But, she adds, to be successful in influencing and winning people over you must put in the groundwork to gather all the relevant data points and establish relationships with the right departments over several years. You can’t turn up and expect people to listen to you overnight, she emphasizes.

Combined with her positive attitude, Saracel’s technical know-how and engineering degree have also proved useful during her time both developing the new supply chain finance platform as well as earlier in her career at Flex.

“My inner engineer is always at work. I am always looking to improve systems and increase productivity,” she said.

“I am a curious person,” she adds. “I never wait for someone to tell me what to do, and I question everything and ask why things are the way they are and how we can make a change. How can we focus on building faster systems? How do we collect FX exposure data? How to do we record important documents,” she says.

In her first years at Flex, she and her team set up a fully in-house accounts receivables factoring platform, automating all the manual steps of selling accounts receivables from the point of extracting invoices from the ERP systems to when invoices are paid back to banks. “I’m really proud of that as I think it speaks to my engineering-thinking of focusing on systems,” she says.

These skills were used once again when Saracel carried out the selection process for a financial technology firm to run the new supply chain finance platform.

“I took a very systematic approach,” she says, explaining how she created questionnaires for each prospective fintech to complete, asking the same series of questions to help compare each potential company.

Attention to detail is also vital in the creation of a successful supply chain finance platform, she adds.

“You need to know the specific needs of the business and the specific needs of the suppliers. No one supplier is the same, so one strategy won’t work for all suppliers. You need to know how each supplier runs its business as well as what the financial needs of the supplier and buyer. How do the supplier and buyer manage invoicing processes? What ERP systems does the buyer have,” she says.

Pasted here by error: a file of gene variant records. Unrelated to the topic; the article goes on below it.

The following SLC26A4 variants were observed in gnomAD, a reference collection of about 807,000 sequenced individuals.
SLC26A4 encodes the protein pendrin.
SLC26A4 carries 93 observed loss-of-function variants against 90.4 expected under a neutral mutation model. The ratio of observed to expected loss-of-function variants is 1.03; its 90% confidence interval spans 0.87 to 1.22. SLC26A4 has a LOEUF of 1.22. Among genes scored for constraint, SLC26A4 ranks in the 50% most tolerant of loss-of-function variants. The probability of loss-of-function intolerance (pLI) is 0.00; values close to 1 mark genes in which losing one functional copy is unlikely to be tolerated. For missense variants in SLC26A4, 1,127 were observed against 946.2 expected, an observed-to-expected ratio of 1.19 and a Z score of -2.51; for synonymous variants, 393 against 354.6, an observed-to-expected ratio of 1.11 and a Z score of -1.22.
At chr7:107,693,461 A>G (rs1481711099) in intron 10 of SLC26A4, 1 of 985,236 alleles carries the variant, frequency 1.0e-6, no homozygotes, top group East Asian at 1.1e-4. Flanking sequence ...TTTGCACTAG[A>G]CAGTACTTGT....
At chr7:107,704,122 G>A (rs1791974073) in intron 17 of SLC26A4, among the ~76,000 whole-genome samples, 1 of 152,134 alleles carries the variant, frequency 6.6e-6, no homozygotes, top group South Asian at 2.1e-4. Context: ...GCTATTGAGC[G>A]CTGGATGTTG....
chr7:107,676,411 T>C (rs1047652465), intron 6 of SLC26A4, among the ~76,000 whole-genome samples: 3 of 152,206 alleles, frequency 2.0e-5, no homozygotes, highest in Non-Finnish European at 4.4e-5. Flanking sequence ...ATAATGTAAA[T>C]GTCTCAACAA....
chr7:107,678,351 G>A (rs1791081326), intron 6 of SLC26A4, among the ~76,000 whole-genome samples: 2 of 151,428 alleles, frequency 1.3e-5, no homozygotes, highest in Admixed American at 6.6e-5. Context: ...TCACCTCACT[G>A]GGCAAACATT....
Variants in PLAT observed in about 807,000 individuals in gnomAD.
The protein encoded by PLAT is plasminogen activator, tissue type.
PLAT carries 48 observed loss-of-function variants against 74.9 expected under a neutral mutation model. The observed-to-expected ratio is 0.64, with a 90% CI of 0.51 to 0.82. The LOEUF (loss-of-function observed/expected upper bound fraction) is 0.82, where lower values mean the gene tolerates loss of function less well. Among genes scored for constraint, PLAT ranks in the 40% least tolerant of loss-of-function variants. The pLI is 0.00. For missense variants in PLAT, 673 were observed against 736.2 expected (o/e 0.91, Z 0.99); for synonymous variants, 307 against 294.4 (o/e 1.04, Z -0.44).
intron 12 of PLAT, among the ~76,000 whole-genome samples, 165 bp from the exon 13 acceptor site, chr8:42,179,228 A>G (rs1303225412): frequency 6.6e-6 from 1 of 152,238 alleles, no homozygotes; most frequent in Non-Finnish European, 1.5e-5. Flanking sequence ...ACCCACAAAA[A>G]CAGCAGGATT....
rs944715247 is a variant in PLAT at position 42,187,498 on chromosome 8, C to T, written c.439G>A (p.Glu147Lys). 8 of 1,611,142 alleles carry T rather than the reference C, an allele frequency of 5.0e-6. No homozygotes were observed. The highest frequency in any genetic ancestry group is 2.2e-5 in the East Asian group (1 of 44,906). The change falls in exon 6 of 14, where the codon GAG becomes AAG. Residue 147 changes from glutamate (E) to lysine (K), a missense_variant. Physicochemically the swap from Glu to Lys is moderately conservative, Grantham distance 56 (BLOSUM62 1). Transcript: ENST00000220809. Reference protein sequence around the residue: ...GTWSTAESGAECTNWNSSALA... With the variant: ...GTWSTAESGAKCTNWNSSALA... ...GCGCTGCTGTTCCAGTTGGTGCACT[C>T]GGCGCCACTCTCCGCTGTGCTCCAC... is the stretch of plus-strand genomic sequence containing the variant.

Despite its complexity and challenges, for Saracel, supply chain finance is an exciting area to work in as it brings together many different disciplines such as operations and finance, among others.

“Supply chain finance is very impactful. You can see the working capital impact immediately,” she adds.

Only six years into her career, Saracel already sets a positive example for the next wave of graduates looking for opportunities in treasury, cash management and supply chain finance.

She offers aspiring professionals a few works of advice. “New supply chain finance professionals will need to be patient as it can take time to implement new ideas,” she says. Flex has moved to create a new platform six years after the company’s first supply chain finance program. She explains, noting: “It takes time to build up awareness.”

Future graduates will have to juggle many different skills, she adds. “The next generation will bring in knowledge of programming and big data and other new technologies combined with traditional treasury know-how. Additionally, it will be critical to bring a sense of humility, team spirit and an ability to influence wide audiences,” she says.

To succeed in supply chain finance management, it is always useful to have some form of technical background in engineering or programming, combined with excellent organizational skills, Saracel suggests.

“You need to think about scalability,” she says, noting how supply chain finance programmes will require delegation of tasks to a wider team. One or two people alone can’t answer everyone’s questions.

When looking to the future, Saracel is resolutely upbeat, speaking about her constant desire to improve.

“I would like to continue contributing and growing in roles that make a broad, positive impact for the company and my colleagues. I am always working on my skills in treasury and finance. Who knows where that will take me?”

So far, she’s certainly put in the groundwork to be well on the way to continued career growth.